I wasn't too sure what too make of the art, as I liked it at times, but really disliked it other times. I've never really been a fan of Walter Simonson, and although I know he's been critically acclaimed, mainly for his work on Thor, I've never been a huge fan of his art, seeing it as too rough, and unrealistic, also looking awkward at times. I was however hopeful that I'd enjoy his art on this issue, as the preview pages that I saw looked amazing, and although they weren't as good as the artists I like, it was a vast improvement, and I actually thought his art would suit this story. I have however been slightly disappointed after reading the issue. I loved the way he drew Hulk outside of his new armour (during a news report), but felt that he looked very awkward, and less awesome, and powerful in his armour, whereas previous artist Leinil Francis Yu made him look very powerful. I did however like how he drew Thor, and although it was a retro style, it appears that this is for a reason (story wise). It was also a nice touch, as it gives long time fans the Thor that they'd know from his previous work. I also liked the way he drew the Frost Giants, as they looked like the brutal beast giants that I loved seeing in the few comics I read as a child. Besides these positive points, Simonson actually did a good job with the facial expressions, as although they looked a bit awkward, they showed plenty of emotion.

Read the rest of John McCubin's Review on Comic Vine

My Rating


Cover & Solicit - 3/5
Art, Colors & Inking - 3/5
Layout & Flow - 4/5
Story - 5/5
Verdict - 4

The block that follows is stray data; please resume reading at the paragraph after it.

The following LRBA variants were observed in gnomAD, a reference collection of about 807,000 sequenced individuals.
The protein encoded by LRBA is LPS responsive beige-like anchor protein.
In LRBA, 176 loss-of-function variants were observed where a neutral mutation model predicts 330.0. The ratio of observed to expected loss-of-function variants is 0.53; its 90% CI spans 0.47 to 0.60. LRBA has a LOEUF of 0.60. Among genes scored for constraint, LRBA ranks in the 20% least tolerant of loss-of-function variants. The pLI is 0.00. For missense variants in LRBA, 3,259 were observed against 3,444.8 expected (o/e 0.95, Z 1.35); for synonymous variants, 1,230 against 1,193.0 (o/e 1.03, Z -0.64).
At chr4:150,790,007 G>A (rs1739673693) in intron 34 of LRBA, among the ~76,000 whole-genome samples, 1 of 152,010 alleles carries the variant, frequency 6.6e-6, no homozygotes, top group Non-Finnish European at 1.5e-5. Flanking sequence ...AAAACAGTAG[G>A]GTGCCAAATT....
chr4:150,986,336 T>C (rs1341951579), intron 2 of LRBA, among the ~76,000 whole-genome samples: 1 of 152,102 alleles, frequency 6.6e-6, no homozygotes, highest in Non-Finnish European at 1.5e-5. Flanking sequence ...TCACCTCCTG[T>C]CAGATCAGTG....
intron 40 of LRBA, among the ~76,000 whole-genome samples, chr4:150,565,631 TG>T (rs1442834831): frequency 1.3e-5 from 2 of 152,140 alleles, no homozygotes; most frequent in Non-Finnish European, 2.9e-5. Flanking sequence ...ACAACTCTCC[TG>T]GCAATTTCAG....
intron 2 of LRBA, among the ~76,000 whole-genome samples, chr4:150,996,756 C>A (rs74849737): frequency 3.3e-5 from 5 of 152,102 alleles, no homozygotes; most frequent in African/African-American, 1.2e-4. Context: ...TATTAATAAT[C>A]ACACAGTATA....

Thanos Rising #1


What comes after "Marvel NOW!"? Whatever it is, it starts HERE.


The vile face left movie audiences in shock after last summer's Marvel Studios' "The Avengers" movie, but who is this eerily disturbing villain?


Thanos rises as the unrivaled rogue of wretchedness in this gripping tale of tragedy, deceit and destiny. Where did this demi-god of death and destruction come from and...more importantly what does he want?


The answers come from the incredible creative team of Jason Aaron (Wolverine, X-Men Origins) and Simone Bianchi (Wolverine, Astonishing X-Men) as they take you on journey that will not only change the course of one boy's life...


...but will soon change the very nature of the Marvel Universe.

Preview



The Birth of Thanos


Although not the biggest fan of Thanos I have been a fan of his for quite a while now, and have began to like him even more in recent years, but I still shamefully don't know as much about him as I should, and when I heard about this origin story I was happy as it'd be a good point to learn more about his background, something that I know hasn't been to far developed in the past.